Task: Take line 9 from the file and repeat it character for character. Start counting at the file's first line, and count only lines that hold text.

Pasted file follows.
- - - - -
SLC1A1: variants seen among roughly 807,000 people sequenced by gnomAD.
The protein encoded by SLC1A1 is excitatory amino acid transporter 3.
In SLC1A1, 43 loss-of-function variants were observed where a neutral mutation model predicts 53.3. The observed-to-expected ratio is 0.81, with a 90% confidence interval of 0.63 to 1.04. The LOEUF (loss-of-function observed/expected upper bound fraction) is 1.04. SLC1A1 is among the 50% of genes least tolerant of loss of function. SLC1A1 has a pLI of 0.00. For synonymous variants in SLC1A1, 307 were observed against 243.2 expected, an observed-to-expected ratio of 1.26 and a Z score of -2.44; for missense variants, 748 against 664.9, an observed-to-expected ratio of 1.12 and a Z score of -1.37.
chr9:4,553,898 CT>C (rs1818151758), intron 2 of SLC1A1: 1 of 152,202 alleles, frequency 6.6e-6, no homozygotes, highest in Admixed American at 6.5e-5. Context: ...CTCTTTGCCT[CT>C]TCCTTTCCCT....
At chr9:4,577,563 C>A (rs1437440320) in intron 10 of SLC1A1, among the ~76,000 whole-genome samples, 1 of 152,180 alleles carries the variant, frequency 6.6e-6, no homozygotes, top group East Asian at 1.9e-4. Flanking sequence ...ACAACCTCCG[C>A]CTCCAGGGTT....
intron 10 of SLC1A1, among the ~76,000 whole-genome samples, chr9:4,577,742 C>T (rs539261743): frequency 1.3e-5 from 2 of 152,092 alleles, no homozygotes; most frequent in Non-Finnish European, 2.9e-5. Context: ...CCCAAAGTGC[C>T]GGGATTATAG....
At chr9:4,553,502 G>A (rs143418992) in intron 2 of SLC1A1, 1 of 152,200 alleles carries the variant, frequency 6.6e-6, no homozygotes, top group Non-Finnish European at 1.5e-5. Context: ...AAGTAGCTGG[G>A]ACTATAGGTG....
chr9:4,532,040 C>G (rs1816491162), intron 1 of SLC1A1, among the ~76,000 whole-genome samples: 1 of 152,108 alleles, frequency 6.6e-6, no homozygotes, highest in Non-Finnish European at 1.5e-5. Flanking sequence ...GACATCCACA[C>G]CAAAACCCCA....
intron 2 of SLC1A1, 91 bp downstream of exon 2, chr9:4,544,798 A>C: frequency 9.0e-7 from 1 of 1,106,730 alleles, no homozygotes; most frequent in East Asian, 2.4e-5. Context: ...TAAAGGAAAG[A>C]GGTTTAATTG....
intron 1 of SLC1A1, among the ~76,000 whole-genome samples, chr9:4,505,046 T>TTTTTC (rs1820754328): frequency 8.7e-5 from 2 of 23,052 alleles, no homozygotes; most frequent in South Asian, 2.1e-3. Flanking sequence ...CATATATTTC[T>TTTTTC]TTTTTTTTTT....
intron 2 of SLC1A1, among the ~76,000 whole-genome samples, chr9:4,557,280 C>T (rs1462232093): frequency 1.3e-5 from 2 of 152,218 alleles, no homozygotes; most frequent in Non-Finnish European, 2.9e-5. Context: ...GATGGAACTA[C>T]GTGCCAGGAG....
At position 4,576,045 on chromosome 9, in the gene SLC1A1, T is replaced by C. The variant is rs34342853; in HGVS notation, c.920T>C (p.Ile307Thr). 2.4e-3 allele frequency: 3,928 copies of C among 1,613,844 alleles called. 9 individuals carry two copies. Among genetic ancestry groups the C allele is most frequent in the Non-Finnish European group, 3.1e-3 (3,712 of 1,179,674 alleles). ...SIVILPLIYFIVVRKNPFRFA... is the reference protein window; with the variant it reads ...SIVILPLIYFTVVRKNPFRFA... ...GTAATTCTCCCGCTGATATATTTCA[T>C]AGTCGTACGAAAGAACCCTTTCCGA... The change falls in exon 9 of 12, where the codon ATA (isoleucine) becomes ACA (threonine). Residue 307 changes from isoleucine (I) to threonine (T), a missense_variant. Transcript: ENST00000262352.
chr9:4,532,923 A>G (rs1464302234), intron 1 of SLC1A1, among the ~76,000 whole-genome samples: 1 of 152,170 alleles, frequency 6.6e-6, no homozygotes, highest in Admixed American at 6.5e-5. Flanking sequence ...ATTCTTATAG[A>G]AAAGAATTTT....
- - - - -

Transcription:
intron 2 of SLC1A1, 91 bp downstream of exon 2, chr9:4,544,798 A>C: frequency 9.0e-7 from 1 of 1,106,730 alleles, no homozygotes; most frequent in East Asian, 2.4e-5. Context: ...TAAAGGAAAG[A>C]GGTTTAATTG....